On the surface, this five-disc box set appears to be another egregious exercise in major label money-grubbing, a study on how to squeeze every last penny out of those precious (and paid-for) catalogs. After all, what self-respecting fan of Steve Earle doesn't own "Train A' Comin'," "I Feel Alright" and "El Corazon" in at least four or five formats (including the hard-to-find mini-disc version)?
That said, it's kind of cool to have all three »»»
The Low Highway
If you're a forever smitten fan of Steve Earle who's always looking forward to his next record, you'll likely be satisfied with "The Low Highway." It's a 12-song collection of strong songs, all stamped with his signature sound.
The title cut is a beautiful, world-weary ballad that narrates a trip along the highways and byways of America. Over a gently rocking beat, Earle crosses paths with empty houses, hungry people and broken factories, a bleak picture that belies »»»
Sunshine Boy The Unheard Studio Sessions & Demos 1971-1972
When one thinks about the music of the late, great Townes Van Zandt, it is easy to presume it is primarily in the context of the stark, downer nature of his songs, a pivotal turning point in the direction of American country music that has inspired everyone from Lyle Lovett and Steve Earle to such renowned heavy metal acts as Neurosis and Scott "Wino" Weinrich.
It is a style the Texas icon had woven from his twin loves for both the Depression era hillbilly country of Dock Boggs and »»»
Editorial: Walking the talk
When names like Hank Williams, Johnny Cash, Waylon and the Hag are invoked, you're talking hard core country. These are the touchstones of country , the guys who made country music what it was and still is (or maybe can be). When these folks would sing about being down-and-out and the rough-and-tumble, they knew of what they were singing about. Fast forward a few years to the country singers of today. »»»
Concert Review: All for the Hall: thanks to Harris, Gill, no ordinary guitar pull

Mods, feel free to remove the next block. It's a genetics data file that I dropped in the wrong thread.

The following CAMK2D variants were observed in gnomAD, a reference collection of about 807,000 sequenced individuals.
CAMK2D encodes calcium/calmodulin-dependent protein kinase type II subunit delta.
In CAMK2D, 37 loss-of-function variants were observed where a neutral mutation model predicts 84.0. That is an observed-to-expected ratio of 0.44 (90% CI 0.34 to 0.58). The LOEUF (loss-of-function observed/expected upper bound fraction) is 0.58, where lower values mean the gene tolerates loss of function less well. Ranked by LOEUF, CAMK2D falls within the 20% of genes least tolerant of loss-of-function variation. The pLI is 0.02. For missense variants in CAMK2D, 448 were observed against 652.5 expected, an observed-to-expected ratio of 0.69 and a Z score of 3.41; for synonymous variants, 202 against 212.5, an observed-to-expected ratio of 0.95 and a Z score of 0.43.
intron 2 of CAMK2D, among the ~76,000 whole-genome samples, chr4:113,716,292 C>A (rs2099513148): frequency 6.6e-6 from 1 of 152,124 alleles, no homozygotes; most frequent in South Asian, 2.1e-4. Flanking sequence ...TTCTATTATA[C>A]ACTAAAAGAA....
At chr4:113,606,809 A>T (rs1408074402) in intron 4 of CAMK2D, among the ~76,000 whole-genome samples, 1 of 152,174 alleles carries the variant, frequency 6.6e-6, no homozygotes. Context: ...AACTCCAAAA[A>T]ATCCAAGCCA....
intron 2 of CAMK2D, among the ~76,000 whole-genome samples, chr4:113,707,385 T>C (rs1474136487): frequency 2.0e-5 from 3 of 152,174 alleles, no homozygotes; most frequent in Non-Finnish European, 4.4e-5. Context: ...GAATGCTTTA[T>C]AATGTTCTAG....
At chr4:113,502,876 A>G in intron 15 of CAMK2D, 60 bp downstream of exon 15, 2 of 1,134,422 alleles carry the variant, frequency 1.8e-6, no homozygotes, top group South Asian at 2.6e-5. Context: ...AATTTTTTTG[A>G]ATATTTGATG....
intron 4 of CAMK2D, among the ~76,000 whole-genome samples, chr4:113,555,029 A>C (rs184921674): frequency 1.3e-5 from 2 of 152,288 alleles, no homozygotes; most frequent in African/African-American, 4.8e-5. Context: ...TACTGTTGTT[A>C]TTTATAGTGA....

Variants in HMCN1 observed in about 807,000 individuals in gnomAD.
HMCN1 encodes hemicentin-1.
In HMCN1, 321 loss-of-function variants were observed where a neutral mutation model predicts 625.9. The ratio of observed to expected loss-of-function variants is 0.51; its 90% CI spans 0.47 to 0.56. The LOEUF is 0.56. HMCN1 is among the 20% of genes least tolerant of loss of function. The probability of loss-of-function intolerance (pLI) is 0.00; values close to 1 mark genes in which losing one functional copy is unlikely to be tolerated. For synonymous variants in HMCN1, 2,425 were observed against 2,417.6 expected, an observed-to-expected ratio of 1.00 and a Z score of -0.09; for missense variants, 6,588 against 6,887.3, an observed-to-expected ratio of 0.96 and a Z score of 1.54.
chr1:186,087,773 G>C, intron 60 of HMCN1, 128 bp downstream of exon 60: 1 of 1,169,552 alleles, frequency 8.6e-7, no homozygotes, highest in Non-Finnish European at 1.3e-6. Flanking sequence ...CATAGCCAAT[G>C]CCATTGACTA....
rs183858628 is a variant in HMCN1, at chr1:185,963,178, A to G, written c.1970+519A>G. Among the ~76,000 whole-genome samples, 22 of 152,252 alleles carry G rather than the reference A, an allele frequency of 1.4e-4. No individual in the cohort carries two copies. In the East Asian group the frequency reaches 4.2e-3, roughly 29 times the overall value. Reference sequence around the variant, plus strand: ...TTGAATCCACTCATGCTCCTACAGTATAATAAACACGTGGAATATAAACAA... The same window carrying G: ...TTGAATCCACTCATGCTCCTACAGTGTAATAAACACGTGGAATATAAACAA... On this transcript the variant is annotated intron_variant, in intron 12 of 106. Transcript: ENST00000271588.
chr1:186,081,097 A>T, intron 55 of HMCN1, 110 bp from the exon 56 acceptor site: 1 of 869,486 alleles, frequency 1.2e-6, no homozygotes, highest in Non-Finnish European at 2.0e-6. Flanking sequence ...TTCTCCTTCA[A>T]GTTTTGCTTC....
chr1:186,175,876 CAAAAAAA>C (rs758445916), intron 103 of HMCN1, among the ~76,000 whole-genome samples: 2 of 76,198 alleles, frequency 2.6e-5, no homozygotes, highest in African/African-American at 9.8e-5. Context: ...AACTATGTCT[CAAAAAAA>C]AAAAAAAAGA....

This all-star benefit concert for the Country Music Hall Of Fame may have been likened to a Nashville living room guitar pull, but this was certainly no ordinary guitar pull. The evening's acoustic show featured Vince Gill, Emmylou Harris Jason Mraz and Heart. It amounted to a wonderful evening of stories and songs.
Although actress Rita Wilson... »»»
Concert Review: Lone Star Staters fortunately go beyond state lines
The idea of a Boston/Austin connection about friendships has developed over the years, but somehow it didn't seem to apply to country music.
But with the Randy Rogers Band, Wade Bowen, Stoney Larue and the Josh Abbott Band heading up from Texas (okay, not necessarily Austin) on the so-called Four on the Floor trek for two weeks, this was a rare... »»»
Country News Digest
Elsewhere in the news
Currently at the CST blogs
To take a page from Judy Collins' notebook, Lydia Loveless has seen life from both sides now. After a childhood in tiny Coshocton, Ohio, a move to Columbus and a gig playing bass in her family's new wave/rock band as a teenager, Loveless set out on her own musical path at the age of 17. In 2010, the 20-year-old Loveless released her debut album, "The Only Man," which was critically acclaimed but just barely heard by the general public.... »»»